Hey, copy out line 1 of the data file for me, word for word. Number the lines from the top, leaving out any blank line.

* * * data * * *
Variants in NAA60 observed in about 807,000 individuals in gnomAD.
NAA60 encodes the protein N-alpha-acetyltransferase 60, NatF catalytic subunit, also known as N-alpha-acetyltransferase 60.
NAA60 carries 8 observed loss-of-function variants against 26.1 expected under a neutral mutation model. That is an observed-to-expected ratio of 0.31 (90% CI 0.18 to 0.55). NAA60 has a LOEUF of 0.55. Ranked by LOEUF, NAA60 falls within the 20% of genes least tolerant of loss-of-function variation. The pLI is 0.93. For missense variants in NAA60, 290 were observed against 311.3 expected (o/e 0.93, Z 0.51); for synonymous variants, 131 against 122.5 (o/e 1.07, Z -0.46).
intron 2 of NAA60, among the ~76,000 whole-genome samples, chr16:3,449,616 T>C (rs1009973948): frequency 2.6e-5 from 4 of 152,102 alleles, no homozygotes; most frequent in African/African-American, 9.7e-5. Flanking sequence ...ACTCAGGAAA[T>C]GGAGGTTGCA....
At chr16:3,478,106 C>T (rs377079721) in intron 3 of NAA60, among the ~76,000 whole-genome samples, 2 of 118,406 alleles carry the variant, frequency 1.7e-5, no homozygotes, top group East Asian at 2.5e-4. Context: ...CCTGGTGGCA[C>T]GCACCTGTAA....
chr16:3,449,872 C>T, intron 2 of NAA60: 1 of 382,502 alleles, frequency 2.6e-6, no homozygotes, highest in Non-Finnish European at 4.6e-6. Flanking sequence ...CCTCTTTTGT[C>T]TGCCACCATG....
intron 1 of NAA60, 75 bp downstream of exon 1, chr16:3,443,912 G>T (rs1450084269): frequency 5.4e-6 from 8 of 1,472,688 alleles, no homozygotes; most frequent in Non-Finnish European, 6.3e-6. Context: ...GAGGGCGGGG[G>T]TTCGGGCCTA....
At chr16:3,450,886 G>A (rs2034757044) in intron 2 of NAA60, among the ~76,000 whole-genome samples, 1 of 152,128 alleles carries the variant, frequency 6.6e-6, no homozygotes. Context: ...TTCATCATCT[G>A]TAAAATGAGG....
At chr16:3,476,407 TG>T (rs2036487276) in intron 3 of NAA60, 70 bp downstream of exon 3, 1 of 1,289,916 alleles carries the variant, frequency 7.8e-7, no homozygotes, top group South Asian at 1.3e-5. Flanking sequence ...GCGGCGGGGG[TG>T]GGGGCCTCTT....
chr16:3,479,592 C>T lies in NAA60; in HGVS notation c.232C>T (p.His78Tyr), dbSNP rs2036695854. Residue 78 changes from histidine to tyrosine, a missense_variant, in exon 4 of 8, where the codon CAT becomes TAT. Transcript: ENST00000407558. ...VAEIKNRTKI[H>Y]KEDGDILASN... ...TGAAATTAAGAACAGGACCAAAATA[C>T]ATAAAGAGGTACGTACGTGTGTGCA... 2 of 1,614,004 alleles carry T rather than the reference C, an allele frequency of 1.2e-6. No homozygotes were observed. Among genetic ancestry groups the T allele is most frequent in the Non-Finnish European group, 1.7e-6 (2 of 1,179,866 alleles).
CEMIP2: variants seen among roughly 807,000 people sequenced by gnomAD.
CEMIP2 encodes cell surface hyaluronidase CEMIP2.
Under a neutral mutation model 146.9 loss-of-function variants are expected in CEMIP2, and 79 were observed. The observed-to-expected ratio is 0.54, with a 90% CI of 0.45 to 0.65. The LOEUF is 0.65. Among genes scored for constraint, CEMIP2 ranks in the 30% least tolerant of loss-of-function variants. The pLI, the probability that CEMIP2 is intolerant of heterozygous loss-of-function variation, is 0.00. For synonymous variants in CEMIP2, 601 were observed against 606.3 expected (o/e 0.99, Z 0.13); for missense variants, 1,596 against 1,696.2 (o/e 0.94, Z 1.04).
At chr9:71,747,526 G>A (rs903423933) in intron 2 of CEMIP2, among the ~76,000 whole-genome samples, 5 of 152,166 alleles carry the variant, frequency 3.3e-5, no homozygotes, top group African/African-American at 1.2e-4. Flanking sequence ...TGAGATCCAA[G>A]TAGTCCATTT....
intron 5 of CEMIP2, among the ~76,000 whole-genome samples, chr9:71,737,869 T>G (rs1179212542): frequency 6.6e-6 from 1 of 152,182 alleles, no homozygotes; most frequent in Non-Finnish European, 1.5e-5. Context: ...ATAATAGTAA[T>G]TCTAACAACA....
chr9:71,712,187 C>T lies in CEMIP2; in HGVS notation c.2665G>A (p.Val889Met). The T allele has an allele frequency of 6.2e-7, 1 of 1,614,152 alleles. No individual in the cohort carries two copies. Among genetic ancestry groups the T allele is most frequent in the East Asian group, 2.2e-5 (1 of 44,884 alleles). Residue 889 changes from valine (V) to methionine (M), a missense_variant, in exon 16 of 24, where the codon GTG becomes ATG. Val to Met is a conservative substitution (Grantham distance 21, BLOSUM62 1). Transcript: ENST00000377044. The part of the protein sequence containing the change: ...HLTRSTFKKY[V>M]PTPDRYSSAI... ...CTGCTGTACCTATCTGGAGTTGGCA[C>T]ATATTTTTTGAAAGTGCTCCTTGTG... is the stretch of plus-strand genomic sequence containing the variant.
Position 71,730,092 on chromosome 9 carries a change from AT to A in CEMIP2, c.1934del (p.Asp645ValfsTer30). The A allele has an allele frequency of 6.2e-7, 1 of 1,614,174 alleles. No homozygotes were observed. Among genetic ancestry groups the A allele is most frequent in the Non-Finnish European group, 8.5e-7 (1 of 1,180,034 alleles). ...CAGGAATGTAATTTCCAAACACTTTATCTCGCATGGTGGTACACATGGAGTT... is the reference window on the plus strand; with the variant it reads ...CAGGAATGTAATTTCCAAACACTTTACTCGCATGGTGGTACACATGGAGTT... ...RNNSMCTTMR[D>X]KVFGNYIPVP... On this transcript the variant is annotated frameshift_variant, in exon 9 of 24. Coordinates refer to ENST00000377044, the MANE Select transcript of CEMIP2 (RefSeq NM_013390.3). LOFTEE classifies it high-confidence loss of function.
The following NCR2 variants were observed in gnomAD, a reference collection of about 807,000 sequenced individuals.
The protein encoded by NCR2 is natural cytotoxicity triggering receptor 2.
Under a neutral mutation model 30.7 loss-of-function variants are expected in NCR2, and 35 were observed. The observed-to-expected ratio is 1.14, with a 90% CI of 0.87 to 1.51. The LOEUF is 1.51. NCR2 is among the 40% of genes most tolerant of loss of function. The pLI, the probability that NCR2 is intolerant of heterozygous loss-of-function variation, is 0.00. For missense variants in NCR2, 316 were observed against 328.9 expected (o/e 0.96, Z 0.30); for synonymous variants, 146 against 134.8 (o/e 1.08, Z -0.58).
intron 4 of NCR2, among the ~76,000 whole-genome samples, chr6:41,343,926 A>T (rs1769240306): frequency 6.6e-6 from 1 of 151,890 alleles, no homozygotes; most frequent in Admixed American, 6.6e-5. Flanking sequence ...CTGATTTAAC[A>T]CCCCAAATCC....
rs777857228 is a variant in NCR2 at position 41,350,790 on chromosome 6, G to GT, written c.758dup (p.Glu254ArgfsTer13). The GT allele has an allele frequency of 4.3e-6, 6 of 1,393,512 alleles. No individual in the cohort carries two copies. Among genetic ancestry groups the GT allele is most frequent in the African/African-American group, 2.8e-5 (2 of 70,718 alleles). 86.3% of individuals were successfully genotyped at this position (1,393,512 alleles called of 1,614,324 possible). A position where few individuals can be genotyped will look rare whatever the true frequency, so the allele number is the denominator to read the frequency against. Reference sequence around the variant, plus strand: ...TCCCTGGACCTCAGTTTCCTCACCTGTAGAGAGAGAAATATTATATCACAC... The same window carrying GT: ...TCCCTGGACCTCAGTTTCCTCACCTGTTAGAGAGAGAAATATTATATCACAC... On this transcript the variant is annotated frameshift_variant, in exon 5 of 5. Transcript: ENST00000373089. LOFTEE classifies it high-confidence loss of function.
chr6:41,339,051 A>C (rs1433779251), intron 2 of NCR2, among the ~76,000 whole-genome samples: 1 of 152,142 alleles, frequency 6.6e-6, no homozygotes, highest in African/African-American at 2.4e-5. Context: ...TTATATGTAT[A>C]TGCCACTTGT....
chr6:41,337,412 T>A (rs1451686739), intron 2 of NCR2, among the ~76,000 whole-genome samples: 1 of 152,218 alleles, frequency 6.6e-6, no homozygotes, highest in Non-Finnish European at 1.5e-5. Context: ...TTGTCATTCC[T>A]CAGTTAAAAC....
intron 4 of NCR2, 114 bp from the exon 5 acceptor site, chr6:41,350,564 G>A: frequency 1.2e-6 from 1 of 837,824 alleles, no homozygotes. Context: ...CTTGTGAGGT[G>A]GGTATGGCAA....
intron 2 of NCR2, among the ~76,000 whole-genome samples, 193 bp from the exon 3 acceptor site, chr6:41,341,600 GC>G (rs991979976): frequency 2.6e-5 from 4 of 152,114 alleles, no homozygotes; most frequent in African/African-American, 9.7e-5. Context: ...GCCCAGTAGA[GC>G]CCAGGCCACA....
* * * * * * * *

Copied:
Variants in NAA60 observed in about 807,000 individuals in gnomAD.